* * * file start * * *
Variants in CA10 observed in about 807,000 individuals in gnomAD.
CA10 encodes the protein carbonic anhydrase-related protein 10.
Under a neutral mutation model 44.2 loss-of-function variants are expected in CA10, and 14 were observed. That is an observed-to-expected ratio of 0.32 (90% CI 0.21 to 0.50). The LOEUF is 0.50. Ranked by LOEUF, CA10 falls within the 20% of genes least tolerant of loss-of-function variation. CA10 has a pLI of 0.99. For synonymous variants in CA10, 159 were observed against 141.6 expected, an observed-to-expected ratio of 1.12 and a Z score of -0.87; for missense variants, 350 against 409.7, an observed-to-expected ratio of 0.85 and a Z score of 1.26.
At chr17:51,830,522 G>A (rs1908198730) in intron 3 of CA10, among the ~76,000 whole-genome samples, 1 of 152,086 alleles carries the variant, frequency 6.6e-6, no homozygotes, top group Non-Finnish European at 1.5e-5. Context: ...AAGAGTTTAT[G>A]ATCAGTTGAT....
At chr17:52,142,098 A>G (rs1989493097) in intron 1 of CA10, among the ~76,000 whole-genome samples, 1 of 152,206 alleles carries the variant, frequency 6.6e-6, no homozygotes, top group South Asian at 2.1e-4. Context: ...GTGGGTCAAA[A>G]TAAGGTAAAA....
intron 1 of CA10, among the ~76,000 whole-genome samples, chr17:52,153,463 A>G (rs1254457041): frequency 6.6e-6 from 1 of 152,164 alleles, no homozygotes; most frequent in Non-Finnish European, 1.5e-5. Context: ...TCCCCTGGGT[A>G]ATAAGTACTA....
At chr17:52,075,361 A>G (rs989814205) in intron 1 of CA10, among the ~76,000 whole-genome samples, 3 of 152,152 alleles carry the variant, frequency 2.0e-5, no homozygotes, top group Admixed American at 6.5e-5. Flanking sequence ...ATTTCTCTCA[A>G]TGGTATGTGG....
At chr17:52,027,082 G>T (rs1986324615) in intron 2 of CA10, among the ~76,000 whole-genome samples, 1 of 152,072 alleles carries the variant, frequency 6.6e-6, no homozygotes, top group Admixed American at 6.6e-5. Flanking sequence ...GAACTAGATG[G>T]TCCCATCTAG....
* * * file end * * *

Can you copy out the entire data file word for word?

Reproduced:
Variants in CA10 observed in about 807,000 individuals in gnomAD.
CA10 encodes the protein carbonic anhydrase-related protein 10.
Under a neutral mutation model 44.2 loss-of-function variants are expected in CA10, and 14 were observed. That is an observed-to-expected ratio of 0.32 (90% CI 0.21 to 0.50). The LOEUF is 0.50. Ranked by LOEUF, CA10 falls within the 20% of genes least tolerant of loss-of-function variation. CA10 has a pLI of 0.99. For synonymous variants in CA10, 159 were observed against 141.6 expected, an observed-to-expected ratio of 1.12 and a Z score of -0.87; for missense variants, 350 against 409.7, an observed-to-expected ratio of 0.85 and a Z score of 1.26.
At chr17:51,830,522 G>A (rs1908198730) in intron 3 of CA10, among the ~76,000 whole-genome samples, 1 of 152,086 alleles carries the variant, frequency 6.6e-6, no homozygotes, top group Non-Finnish European at 1.5e-5. Context: ...AAGAGTTTAT[G>A]ATCAGTTGAT....
At chr17:52,142,098 A>G (rs1989493097) in intron 1 of CA10, among the ~76,000 whole-genome samples, 1 of 152,206 alleles carries the variant, frequency 6.6e-6, no homozygotes, top group South Asian at 2.1e-4. Context: ...GTGGGTCAAA[A>G]TAAGGTAAAA....
intron 1 of CA10, among the ~76,000 whole-genome samples, chr17:52,153,463 A>G (rs1254457041): frequency 6.6e-6 from 1 of 152,164 alleles, no homozygotes; most frequent in Non-Finnish European, 1.5e-5. Context: ...TCCCCTGGGT[A>G]ATAAGTACTA....
At chr17:52,075,361 A>G (rs989814205) in intron 1 of CA10, among the ~76,000 whole-genome samples, 3 of 152,152 alleles carry the variant, frequency 2.0e-5, no homozygotes, top group Admixed American at 6.5e-5. Flanking sequence ...ATTTCTCTCA[A>G]TGGTATGTGG....
At chr17:52,027,082 G>T (rs1986324615) in intron 2 of CA10, among the ~76,000 whole-genome samples, 1 of 152,072 alleles carries the variant, frequency 6.6e-6, no homozygotes, top group Admixed American at 6.6e-5. Flanking sequence ...GAACTAGATG[G>T]TCCCATCTAG....